Oxfordshire at top of recycling table for seventh year

Residents in Oxfordshire have helped the county top the table nationally when it comes to recycling and composting for the seventh year in a row.

Monday, 8th March 2021, 9:28 am

Oxfordshire County Council has once again been named the best performing county council waste disposal authority in England, according to new government figures released on March 3.

Last year, residents recycled or composted 1.6 per cent more of their household waste than in the previous year. Nationally, the average for recycling in England rose by 0.9 per cent.

Overall, 58.8 per cent of household waste was recycled and composted in Oxfordshire last year, compared to 57.2 per cent the previous year. The national average was only 45.5 per cent according to the latest figures from the Department for Environment, Food and Rural Affairs (Defra).

Cllr Yvonne Constance, Oxfordshire County Council cabinet member for environment, said: “I would like to thank our residents who have done another great job of recycling so that the county keeps the top spot in the country. Oxfordshire councils provide really good waste collection and recycling services, but it is only because most people use them properly that we’re able to perform so well.”

Oxfordshire’s five district and city authorities have also achieved excellent results above the national average. South Oxfordshire and Vale of White Horse came second and joint third nationally, with recycling rates of 64 per cent and 63.3 per cent respectively.

Nearly 21,000 tonnes of food waste was recycled in 2019/20. Cherwell, West Oxfordshire, Vale of White Horse, and South Oxfordshire district councils, and Oxford City Council, operate the kerbside collections of household recycling and waste, which Oxfordshire County Council then disposes of.

Vicky Beechey, Oxfordshire Resources and Waste Partnership manager, said: “Residents have done a great job to continue to recycle through this challenging year, and we would like to thank the collection crews and staff at the recycling centres for their amazing efforts in managing so much more waste every week.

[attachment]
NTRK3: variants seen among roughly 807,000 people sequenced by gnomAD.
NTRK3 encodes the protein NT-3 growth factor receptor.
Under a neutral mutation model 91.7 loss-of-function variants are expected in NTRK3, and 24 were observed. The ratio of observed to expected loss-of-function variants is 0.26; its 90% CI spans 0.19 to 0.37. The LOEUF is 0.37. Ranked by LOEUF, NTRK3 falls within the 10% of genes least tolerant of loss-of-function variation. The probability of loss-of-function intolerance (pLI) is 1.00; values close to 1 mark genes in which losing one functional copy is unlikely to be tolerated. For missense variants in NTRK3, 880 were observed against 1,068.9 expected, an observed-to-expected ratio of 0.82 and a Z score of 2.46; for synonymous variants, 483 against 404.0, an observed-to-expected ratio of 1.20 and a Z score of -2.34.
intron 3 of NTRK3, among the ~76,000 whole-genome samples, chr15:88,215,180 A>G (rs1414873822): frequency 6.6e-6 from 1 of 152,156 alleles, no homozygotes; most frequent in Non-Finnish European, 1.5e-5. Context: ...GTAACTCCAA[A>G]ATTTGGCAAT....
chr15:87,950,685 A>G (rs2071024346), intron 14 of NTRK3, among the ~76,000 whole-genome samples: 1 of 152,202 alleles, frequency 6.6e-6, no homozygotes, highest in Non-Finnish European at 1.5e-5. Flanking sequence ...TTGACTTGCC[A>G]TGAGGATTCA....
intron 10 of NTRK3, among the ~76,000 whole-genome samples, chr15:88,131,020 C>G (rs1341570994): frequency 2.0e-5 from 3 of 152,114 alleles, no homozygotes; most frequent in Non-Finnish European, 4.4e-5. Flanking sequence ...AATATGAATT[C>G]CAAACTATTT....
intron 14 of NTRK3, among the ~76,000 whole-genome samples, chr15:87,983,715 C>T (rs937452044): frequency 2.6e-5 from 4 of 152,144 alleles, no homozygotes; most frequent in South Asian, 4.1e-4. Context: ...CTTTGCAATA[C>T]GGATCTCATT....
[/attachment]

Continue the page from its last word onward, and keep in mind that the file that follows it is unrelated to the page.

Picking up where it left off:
Residents in Oxfordshire have helped the county top the table nationally when it comes to recycling and composting for the seventh year in a row. (Image from Oxfordshire County Council website)

“For those looking to reduce their waste further, the Community Action Group network and Replenish project have lots of opportunities to get involved with local projects, and tips on how to reduce waste. Oxfordshire County Council also has the Waste Wizard, an online tool that can suggest places items can be repaired or donated, or which bin it needs to go in.”

Waste officers have said there is still a lot more to be done to improve recycling rates and the county council is keen to see further improvements as part of its goal to becoming carbon neutral by 2030. The Oxfordshire Resources and Waste Partnership of the district, city and county councils has a target to increase recycling to 70 per cent by 2030.

Cllr Constance added: “We’re not complacent. This year, more waste collected for recycling has been rejected than ever before due to the wrong waste being put into the wrong kerbside containers, such as textiles, nappies, and food being put in the mixed recycling bin.

“A huge amount of food waste is still being placed in the general waste bins – indeed, we know that around half the items placed in general waste could have been recycled using the services provided locally. So please check your local council website, make sure you’re recycling everything you can, and look for advice on how to reduce the amount of waste your household produces.”

Covid-19 has impacted how we all live and work, and indications are that with more of us spending more time at home, waste levels may be around five per cent (16,000 tonnes) higher this year.

As well as the environmental impact of so much more waste, this has serious financial impacts for councils. Reducing the amount of waste we produce and recycling as much as we can is vitally important to protect our environment and free up funds to be spent on other council services.